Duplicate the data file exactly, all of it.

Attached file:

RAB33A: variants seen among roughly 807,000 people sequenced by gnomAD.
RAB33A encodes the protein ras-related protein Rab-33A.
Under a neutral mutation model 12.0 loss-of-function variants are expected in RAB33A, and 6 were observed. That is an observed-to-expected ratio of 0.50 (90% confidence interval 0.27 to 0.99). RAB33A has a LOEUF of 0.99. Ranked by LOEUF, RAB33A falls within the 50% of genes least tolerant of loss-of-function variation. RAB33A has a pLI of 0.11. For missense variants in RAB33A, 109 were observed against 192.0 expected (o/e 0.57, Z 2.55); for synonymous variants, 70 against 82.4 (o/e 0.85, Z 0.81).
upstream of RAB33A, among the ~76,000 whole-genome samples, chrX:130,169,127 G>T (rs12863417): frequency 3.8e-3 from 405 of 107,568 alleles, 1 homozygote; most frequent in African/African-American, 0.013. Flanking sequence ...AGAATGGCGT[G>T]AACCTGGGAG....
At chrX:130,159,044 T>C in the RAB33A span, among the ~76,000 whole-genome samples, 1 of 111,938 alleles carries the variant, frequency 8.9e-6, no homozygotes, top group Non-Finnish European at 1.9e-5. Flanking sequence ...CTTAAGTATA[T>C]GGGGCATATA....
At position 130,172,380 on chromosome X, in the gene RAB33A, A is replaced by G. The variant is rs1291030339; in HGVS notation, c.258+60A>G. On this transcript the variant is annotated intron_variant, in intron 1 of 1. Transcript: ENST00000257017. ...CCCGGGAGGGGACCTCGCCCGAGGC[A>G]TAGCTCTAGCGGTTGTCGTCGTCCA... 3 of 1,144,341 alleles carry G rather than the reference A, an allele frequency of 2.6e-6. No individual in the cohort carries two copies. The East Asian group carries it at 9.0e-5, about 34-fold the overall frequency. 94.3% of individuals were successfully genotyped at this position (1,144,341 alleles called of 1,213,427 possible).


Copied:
RAB33A: variants seen among roughly 807,000 people sequenced by gnomAD.
RAB33A encodes the protein ras-related protein Rab-33A.
Under a neutral mutation model 12.0 loss-of-function variants are expected in RAB33A, and 6 were observed. That is an observed-to-expected ratio of 0.50 (90% confidence interval 0.27 to 0.99). RAB33A has a LOEUF of 0.99. Ranked by LOEUF, RAB33A falls within the 50% of genes least tolerant of loss-of-function variation. RAB33A has a pLI of 0.11. For missense variants in RAB33A, 109 were observed against 192.0 expected (o/e 0.57, Z 2.55); for synonymous variants, 70 against 82.4 (o/e 0.85, Z 0.81).
upstream of RAB33A, among the ~76,000 whole-genome samples, chrX:130,169,127 G>T (rs12863417): frequency 3.8e-3 from 405 of 107,568 alleles, 1 homozygote; most frequent in African/African-American, 0.013. Flanking sequence ...AGAATGGCGT[G>T]AACCTGGGAG....
At chrX:130,159,044 T>C in the RAB33A span, among the ~76,000 whole-genome samples, 1 of 111,938 alleles carries the variant, frequency 8.9e-6, no homozygotes, top group Non-Finnish European at 1.9e-5. Flanking sequence ...CTTAAGTATA[T>C]GGGGCATATA....
At position 130,172,380 on chromosome X, in the gene RAB33A, A is replaced by G. The variant is rs1291030339; in HGVS notation, c.258+60A>G. On this transcript the variant is annotated intron_variant, in intron 1 of 1. Transcript: ENST00000257017. ...CCCGGGAGGGGACCTCGCCCGAGGC[A>G]TAGCTCTAGCGGTTGTCGTCGTCCA... 3 of 1,144,341 alleles carry G rather than the reference A, an allele frequency of 2.6e-6. No individual in the cohort carries two copies. The East Asian group carries it at 9.0e-5, about 34-fold the overall frequency. 94.3% of individuals were successfully genotyped at this position (1,144,341 alleles called of 1,213,427 possible).